Master's in Psychology or Ph.D. in Neuroscience
This is worrisome, as the distinction between these two things is extremely large.
Not meaning to be offensive, just completely honest. If you don't have a solid background (not just courses, but research experience) in molecular and cell biology, statistics, and/or chemistry then you have no basis for seeking to pursue a Ph.D. in neuroscience in any respectable program. Even someone with good grades and a degree in psychology without neuroscience-related research experience would also likely not make it into a reputable neuroscience Ph.D. program -- these things are not the same. The admissions committee would be about as interested in your journalism courses as they would be in the fact that you took piano lessons as a kid. I'm not saying humanities fields are unimportant or less difficult, I'm just saying it's not considered relevant experience to encourage a committee to believe you'd be a good candidate for a doctoral program.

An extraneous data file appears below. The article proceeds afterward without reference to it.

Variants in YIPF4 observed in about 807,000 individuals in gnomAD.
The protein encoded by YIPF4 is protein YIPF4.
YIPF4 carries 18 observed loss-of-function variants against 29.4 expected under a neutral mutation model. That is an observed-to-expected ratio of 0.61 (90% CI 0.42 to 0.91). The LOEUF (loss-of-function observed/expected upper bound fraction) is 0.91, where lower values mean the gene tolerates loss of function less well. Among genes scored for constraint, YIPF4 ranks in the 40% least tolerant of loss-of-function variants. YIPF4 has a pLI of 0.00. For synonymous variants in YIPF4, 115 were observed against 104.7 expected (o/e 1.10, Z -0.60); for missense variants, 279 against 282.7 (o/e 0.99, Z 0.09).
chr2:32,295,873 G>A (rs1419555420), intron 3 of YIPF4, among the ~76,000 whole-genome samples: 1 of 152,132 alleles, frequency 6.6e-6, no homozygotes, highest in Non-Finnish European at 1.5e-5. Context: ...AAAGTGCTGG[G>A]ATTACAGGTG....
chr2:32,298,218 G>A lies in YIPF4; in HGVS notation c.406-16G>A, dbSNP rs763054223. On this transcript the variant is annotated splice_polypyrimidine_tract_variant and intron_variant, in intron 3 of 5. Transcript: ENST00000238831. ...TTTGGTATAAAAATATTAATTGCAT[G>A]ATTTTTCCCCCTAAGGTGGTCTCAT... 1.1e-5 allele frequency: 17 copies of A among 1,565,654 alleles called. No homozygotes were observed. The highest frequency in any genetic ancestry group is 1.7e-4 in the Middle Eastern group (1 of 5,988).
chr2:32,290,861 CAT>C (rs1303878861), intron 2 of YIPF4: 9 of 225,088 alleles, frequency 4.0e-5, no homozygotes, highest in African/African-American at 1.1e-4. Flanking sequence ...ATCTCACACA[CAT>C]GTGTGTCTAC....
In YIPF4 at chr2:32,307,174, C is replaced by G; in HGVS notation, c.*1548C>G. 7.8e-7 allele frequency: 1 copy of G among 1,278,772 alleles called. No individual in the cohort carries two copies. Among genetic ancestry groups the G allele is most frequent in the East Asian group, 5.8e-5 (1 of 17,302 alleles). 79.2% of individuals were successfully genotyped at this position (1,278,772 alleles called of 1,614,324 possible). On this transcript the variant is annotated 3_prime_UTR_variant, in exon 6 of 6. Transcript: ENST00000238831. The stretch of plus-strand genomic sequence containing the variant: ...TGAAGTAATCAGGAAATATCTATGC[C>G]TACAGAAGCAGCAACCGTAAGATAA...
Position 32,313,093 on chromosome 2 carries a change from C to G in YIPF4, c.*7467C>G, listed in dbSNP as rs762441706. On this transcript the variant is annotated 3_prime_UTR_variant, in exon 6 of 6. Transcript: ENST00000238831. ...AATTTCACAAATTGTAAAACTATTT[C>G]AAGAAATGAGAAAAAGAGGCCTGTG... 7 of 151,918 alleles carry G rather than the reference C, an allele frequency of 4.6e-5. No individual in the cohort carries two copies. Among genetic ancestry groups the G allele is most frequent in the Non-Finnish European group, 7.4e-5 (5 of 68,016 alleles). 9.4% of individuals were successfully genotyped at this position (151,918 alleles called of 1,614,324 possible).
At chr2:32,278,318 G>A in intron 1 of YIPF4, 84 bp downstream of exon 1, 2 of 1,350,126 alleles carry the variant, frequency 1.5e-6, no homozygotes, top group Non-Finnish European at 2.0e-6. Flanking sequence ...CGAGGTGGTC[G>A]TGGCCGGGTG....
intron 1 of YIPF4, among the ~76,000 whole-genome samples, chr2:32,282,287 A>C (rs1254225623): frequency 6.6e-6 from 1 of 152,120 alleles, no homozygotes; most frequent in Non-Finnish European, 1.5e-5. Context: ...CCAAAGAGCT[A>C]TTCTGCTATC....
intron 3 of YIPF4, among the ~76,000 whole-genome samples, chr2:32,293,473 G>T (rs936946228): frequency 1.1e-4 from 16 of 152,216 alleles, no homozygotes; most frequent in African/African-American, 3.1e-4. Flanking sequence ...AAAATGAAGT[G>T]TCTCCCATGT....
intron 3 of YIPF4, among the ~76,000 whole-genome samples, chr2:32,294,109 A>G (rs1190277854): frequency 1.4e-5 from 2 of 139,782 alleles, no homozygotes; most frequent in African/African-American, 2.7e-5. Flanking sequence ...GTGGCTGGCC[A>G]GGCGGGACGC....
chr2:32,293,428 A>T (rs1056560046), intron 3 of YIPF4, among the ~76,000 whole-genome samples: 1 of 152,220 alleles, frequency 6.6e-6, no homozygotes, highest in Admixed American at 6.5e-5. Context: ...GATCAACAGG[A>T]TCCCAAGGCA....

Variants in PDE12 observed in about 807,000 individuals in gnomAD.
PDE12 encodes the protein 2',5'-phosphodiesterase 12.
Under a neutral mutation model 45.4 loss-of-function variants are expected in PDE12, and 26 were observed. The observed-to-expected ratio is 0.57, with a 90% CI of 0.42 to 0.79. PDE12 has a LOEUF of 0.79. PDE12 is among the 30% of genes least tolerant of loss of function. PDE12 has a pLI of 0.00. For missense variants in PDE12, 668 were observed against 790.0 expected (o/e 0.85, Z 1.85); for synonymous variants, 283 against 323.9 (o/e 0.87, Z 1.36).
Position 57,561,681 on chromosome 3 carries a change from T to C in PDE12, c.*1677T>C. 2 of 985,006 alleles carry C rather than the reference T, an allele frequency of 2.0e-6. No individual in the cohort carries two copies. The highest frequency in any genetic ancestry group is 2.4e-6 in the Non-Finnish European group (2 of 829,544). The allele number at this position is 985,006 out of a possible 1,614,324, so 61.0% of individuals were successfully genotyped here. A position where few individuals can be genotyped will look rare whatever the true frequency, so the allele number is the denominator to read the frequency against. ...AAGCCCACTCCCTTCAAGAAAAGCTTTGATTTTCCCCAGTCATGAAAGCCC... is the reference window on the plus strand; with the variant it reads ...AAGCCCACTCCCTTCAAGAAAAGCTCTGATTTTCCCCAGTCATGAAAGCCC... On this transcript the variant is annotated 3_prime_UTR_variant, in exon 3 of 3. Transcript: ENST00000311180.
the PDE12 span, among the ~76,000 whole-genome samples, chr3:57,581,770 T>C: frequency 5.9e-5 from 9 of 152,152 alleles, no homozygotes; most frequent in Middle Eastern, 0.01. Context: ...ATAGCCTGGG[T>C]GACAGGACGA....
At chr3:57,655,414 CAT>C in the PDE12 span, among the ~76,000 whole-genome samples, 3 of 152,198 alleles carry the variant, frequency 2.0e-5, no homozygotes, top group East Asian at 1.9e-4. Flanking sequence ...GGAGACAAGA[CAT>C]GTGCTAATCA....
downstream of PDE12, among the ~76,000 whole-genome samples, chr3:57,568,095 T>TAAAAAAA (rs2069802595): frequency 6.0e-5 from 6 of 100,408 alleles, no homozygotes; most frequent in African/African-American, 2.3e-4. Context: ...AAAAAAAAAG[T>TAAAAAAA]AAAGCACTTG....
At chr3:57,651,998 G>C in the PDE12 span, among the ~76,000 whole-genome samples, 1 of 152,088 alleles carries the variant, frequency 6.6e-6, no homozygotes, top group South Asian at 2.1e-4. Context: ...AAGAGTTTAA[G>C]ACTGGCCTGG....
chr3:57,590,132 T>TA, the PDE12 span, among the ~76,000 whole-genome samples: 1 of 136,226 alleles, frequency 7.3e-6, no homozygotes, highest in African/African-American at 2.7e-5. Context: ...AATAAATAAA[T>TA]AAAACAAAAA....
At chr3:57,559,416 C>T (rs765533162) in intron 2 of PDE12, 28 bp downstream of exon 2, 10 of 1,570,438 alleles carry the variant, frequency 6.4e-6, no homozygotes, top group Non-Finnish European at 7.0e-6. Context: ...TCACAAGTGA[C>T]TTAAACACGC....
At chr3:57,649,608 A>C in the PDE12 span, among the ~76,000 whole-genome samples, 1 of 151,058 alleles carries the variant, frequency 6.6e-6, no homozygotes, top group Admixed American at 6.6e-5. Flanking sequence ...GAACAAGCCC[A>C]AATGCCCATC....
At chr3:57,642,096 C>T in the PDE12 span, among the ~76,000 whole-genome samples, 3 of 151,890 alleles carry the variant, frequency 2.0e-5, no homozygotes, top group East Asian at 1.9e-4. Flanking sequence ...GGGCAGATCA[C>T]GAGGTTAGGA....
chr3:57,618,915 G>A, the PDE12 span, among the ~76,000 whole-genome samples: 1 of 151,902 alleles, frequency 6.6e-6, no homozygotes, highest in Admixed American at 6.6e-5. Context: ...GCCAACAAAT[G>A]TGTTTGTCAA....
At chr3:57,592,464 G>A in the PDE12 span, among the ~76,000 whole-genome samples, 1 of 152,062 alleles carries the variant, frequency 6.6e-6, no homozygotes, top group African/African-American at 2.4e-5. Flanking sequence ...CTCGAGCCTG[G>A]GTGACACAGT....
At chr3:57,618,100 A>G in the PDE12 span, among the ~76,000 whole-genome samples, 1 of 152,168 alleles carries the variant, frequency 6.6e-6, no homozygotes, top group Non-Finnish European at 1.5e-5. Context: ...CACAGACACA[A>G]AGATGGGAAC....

If this is your goal, I would think about getting a bachelors degree in one of the above fields while contributing hours in a laboratory gaining experience in that field, because otherwise you have nothing to offer a Ph.D. admissions committee in neuroscience.
As for psychology, that's a different ball game, and I don't know enough about that field to comment on it.
I appreciate your honesty! Very helpful.